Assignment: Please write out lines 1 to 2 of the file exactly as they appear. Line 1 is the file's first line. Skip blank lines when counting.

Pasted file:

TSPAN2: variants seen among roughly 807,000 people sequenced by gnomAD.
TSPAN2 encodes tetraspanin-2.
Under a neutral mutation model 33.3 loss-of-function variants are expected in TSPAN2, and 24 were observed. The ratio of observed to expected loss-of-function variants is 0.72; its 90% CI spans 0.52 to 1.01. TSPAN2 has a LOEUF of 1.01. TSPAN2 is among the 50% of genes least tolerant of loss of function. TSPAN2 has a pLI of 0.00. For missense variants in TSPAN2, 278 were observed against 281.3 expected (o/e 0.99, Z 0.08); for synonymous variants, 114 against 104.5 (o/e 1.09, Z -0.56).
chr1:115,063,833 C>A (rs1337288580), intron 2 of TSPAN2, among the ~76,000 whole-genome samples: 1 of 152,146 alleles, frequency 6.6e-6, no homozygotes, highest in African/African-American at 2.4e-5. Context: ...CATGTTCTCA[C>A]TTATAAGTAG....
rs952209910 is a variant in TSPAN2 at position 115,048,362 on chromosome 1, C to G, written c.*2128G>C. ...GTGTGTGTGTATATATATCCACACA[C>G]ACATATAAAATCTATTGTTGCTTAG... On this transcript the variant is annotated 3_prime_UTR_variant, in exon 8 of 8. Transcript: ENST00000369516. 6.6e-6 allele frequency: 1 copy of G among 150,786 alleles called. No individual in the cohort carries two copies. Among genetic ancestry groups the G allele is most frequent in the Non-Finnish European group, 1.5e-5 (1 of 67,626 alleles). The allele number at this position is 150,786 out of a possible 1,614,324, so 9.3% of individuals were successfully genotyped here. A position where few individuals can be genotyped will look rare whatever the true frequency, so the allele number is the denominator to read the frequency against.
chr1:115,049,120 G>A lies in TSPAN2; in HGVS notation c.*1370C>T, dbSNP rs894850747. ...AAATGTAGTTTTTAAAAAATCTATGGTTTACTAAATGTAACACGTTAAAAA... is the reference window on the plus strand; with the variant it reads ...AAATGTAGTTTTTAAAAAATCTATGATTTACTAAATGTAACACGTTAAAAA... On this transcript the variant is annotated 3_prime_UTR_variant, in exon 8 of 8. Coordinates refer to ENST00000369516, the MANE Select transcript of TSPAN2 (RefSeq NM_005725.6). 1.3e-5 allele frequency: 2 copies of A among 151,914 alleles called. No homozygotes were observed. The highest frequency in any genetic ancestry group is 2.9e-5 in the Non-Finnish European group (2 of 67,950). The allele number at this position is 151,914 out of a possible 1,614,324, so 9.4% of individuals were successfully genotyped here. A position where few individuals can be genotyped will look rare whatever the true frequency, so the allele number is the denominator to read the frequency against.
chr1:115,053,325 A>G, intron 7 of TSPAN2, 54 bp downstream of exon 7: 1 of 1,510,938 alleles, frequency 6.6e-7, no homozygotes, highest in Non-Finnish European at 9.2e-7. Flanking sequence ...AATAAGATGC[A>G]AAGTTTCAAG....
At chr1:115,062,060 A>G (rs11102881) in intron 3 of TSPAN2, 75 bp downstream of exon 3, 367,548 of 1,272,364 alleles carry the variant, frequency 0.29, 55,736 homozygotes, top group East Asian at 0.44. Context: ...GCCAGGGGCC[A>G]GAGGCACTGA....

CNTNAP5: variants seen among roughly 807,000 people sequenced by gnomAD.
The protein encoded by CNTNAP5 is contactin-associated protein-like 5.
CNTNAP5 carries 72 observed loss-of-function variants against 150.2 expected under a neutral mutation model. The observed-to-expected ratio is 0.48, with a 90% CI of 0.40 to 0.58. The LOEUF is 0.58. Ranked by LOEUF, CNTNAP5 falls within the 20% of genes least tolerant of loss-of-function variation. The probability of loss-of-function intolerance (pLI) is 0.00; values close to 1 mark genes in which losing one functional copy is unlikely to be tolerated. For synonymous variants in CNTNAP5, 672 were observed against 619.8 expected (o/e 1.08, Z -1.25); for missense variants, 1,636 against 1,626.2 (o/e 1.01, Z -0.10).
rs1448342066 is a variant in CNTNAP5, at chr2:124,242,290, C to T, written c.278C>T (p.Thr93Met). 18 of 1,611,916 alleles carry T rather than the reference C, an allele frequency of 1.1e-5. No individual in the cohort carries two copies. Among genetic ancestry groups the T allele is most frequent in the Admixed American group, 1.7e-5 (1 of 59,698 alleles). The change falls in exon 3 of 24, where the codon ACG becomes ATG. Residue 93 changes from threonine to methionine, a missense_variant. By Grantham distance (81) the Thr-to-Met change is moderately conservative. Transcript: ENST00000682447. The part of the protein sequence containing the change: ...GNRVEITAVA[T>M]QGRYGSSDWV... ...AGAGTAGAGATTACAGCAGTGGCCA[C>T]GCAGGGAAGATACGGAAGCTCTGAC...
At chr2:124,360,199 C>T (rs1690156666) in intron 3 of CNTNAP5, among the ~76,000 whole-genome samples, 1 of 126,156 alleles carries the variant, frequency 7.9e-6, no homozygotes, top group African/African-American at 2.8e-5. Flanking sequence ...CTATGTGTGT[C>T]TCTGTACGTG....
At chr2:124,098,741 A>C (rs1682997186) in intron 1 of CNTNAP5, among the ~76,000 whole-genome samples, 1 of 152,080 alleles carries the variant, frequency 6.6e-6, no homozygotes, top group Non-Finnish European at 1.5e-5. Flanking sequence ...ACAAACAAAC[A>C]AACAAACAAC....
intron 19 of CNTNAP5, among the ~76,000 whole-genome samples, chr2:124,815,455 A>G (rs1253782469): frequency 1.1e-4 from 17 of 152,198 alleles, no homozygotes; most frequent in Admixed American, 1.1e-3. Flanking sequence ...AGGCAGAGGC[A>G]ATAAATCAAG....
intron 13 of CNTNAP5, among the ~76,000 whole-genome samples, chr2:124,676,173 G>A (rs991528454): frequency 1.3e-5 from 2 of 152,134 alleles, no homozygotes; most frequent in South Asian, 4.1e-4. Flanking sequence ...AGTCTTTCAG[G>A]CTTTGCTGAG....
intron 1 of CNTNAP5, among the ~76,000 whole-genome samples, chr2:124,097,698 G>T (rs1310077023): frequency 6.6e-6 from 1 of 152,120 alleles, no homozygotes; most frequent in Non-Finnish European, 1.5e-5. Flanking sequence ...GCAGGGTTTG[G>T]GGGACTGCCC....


TSPAN2: variants seen among roughly 807,000 people sequenced by gnomAD.
TSPAN2 encodes tetraspanin-2.